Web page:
Caledonia Village Board member Ed Willing was not at the meeting because he was working.
The sore spot: eight Caledonia property owners between the Caledonia line and Highway K will collectively pay $456,009. Charles Kuiper, who received a bill for $227,000 for the 89 acres he owns on Highway V, said he doesn’t believe the eight property owners should have to shoulder the burden for a water main project that will improve Caledonia’s overall tax base.
The sewer and water project — which is part of a 764-acre tax incremental financing district (TID) — is to be completed in two phases. Phase I includes putting in a pump station on Highway V and Highway K, which will pump to Mount Pleasant down Highway 20. The water lines will also be installed along the same path. That part of the project will cost $761,000.
“We’re farmers,” he said. “We’re outside the TID (tax incremental financing district) and it’s unfair for us to be assessed for the cost of a project that we are not a part of and for a water main that we have no need for… the developers should be the ones that pay because they are bringing it in special for that development.”
A TID is a special growth tool communities can use to increase their tax base by freezing property taxes at current rates. Any taxes generated by development over a specific amount of time – typically about 20 years – are used to pay back the monies borrowed to put in the necessary infrastructure like sewer, water and roads. Once the loans are paid in full, property taxes from the new business tenants turn to the municipal budget and other taxing bodies like Racine Unified, the county and Gateway.
But Kuiper acknowledged that the Village has come a long way in trying to work with the eight property owners.
“They took the interest away and deferred the payment until we develop, which has no time limit… so I’m grateful for that,” he said. “But this benefits the whole town…as these businesses grow in this TID, the tax base increases and the town gets more money and that goes on for 100 years… 200 years.”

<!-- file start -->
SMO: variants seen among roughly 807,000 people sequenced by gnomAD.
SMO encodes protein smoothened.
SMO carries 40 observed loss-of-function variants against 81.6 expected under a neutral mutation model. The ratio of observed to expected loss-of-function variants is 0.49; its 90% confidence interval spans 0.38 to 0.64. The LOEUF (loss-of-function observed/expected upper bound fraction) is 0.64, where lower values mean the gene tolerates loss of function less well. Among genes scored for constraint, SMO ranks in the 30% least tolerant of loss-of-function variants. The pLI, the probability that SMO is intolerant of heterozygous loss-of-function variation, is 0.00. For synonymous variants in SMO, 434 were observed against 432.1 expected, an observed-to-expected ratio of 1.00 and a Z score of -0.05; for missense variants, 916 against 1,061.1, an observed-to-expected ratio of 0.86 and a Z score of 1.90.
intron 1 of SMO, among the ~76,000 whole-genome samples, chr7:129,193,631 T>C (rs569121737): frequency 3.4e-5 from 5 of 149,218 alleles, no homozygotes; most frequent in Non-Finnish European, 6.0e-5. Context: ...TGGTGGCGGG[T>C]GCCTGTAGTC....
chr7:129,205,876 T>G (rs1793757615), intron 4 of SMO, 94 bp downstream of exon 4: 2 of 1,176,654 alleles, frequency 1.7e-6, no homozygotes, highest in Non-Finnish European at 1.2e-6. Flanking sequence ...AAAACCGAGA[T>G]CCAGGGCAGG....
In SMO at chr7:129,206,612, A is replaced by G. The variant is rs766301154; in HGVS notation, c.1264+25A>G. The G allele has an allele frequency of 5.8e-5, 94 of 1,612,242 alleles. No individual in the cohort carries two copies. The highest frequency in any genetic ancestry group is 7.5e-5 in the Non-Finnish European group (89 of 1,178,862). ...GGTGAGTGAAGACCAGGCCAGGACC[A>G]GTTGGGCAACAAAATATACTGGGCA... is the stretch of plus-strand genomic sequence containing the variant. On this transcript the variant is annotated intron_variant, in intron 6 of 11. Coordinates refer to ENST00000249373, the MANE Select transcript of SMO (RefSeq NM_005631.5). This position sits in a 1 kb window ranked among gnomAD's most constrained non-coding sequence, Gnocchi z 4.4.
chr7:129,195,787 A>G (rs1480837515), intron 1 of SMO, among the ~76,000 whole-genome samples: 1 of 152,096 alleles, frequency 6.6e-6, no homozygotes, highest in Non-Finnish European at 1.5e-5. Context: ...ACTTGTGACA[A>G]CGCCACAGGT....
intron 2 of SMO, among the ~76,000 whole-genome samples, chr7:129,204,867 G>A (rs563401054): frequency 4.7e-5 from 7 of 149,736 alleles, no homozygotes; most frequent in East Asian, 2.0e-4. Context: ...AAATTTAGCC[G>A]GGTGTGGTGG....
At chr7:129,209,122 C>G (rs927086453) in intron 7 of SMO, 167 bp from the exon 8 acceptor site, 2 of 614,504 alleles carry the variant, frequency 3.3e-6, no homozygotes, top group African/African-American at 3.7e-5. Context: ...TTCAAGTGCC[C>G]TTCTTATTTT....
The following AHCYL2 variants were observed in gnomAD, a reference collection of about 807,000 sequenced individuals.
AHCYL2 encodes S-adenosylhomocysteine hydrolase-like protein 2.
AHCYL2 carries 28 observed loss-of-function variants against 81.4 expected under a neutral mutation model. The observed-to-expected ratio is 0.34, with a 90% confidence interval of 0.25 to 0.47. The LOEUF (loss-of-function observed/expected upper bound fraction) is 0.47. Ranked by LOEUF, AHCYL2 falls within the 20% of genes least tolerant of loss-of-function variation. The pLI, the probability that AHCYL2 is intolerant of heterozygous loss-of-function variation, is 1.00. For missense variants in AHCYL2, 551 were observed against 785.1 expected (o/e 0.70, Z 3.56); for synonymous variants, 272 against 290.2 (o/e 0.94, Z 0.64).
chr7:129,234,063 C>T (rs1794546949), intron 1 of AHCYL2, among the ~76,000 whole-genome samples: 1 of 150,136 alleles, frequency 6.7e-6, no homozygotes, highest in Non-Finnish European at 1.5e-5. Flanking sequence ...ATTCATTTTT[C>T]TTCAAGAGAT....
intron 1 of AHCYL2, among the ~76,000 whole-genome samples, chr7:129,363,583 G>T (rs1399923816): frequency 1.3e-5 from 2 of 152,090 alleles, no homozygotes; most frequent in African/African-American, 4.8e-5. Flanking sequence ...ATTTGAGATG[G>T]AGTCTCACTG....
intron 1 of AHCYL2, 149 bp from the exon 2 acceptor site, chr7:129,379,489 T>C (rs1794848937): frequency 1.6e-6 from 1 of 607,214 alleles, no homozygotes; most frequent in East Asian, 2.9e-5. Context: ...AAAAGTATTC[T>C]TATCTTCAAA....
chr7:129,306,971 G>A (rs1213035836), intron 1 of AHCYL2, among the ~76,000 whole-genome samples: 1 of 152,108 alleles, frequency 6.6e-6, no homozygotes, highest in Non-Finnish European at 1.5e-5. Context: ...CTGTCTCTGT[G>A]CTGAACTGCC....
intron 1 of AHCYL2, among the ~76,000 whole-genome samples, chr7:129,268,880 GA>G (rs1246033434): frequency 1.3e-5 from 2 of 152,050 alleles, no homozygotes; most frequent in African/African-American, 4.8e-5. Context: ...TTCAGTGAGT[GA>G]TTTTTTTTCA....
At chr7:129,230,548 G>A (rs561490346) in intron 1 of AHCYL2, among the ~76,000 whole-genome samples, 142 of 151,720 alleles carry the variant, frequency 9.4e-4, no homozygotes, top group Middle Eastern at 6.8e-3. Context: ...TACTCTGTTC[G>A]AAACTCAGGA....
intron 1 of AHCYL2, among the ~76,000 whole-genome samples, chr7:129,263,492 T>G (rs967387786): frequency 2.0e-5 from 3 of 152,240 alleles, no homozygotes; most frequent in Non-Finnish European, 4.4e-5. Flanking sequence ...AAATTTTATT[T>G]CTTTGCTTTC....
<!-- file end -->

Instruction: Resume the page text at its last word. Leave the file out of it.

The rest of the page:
John Bjelajac, Caledonia’s attorney, explained to the village board that property owners will only have to pay the assessments if their property is sold or leased under certain conditions. If one of those conditions applies, the property owner has 60 days to pay the special assessment with 4 percent interest. If the property owners want to hook up to the water service for their existing properties, but if there is a new construction the water hook-up is mandatory.
“We tried to make exceptions and exclusions to make life better for the property owners,” Bjelajac said.
Following the public hearing, the Village Board discussed the provisions made in the resolution. Lee Wishau wanted to see a provision put into the resolution that the money received should be earmarked to offset the cost of the special obligation bonds use to pay for the project, but Bjelajac said that should be done in a separate resolution.
The project is expected to begin in January and completed in the fall.
But Kuiper pointed out that the project doesn’t include the cost of the sewer lines the village will want to put in, which he was told will cost about as much.
“Am I happy about it? No,” he said.”Am I going to have to accept it? We’re going to have to live with the decision and hopefully it increases the value of our property, but we don’t know that… that’s the question.”
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